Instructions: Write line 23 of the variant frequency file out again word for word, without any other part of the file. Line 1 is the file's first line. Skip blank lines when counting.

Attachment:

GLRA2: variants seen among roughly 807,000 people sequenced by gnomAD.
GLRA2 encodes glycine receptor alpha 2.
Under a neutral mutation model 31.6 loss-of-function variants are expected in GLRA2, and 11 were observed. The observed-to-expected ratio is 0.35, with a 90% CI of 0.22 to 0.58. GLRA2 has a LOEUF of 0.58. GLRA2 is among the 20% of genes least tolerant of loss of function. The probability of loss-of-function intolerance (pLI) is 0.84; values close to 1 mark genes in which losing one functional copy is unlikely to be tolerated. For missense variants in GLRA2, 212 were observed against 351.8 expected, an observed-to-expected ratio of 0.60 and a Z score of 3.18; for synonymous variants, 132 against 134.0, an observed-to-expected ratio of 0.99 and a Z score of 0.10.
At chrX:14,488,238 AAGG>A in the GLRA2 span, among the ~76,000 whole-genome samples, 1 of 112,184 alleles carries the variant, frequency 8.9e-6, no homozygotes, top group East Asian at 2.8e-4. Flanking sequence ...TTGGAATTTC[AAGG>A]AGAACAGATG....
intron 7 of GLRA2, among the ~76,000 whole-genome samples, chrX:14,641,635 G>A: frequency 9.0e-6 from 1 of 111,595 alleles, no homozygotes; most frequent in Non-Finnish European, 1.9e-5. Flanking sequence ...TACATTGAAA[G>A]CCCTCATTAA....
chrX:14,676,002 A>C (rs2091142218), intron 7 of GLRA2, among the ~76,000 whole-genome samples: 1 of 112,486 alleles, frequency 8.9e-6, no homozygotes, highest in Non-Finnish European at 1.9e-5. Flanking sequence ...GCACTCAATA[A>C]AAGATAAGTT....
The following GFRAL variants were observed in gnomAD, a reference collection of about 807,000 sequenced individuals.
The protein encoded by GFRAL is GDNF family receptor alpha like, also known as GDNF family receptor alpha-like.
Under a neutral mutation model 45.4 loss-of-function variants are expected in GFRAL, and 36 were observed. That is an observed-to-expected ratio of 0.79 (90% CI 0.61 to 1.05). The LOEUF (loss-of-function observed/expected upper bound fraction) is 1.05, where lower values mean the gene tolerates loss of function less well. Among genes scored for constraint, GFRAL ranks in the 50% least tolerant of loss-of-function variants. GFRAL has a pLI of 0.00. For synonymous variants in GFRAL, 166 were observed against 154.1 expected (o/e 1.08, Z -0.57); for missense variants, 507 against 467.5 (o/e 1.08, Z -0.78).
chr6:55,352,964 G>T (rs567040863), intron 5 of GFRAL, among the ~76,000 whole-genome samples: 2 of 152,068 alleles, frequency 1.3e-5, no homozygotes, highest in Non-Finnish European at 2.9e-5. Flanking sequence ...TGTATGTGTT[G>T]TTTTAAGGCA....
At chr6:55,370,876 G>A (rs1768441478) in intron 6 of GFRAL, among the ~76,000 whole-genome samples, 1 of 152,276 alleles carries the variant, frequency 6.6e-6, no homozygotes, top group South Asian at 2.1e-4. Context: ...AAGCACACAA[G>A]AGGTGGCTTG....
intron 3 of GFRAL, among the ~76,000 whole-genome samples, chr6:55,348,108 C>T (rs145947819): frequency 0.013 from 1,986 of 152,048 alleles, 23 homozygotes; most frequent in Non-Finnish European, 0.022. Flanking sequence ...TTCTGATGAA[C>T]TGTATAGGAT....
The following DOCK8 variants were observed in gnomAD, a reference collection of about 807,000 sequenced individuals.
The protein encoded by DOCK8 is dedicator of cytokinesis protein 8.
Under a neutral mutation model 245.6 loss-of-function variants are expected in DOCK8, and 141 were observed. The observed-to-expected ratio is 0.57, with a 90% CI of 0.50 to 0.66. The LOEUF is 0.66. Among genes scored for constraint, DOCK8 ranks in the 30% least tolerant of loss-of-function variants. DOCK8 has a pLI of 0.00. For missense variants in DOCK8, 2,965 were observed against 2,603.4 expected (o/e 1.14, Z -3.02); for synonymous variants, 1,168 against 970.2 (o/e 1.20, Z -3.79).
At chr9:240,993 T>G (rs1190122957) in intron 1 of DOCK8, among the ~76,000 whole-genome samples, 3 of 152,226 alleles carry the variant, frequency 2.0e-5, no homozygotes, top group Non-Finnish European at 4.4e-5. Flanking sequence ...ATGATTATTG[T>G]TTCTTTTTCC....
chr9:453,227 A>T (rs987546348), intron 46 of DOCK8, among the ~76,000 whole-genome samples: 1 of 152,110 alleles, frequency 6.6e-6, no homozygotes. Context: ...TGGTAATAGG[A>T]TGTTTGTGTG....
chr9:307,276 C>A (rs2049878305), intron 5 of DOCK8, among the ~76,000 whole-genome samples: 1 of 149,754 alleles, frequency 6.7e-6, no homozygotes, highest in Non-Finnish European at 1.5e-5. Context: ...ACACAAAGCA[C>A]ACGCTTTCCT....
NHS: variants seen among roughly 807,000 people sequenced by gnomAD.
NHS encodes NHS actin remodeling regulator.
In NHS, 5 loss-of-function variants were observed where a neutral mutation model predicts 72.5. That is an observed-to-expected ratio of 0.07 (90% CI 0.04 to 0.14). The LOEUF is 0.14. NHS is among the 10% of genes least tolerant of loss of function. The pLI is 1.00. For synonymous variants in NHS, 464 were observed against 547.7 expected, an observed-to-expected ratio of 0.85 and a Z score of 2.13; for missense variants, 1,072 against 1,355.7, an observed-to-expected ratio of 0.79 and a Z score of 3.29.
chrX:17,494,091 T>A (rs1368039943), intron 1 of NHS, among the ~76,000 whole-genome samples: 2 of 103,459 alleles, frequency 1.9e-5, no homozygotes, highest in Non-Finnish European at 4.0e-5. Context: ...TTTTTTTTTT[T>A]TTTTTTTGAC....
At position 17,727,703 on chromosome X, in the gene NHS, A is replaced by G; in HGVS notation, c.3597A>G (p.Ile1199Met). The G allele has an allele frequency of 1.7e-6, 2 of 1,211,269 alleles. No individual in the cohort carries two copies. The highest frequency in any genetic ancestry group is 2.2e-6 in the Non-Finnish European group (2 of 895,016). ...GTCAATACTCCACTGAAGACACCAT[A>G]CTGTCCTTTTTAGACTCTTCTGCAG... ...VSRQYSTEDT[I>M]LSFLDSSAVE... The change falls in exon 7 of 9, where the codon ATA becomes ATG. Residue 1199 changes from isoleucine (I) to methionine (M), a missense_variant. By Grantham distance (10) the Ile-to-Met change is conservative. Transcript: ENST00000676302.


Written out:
At position 17,727,703 on chromosome X, in the gene NHS, A is replaced by G; in HGVS notation, c.3597A>G (p.Ile1199Met). The G allele has an allele frequency of 1.7e-6, 2 of 1,211,269 alleles. No individual in the cohort carries two copies. The highest frequency in any genetic ancestry group is 2.2e-6 in the Non-Finnish European group (2 of 895,016). ...GTCAATACTCCACTGAAGACACCAT[A>G]CTGTCCTTTTTAGACTCTTCTGCAG... ...VSRQYSTEDT[I>M]LSFLDSSAVE... The change falls in exon 7 of 9, where the codon ATA becomes ATG. Residue 1199 changes from isoleucine (I) to methionine (M), a missense_variant. By Grantham distance (10) the Ile-to-Met change is conservative. Transcript: ENST00000676302.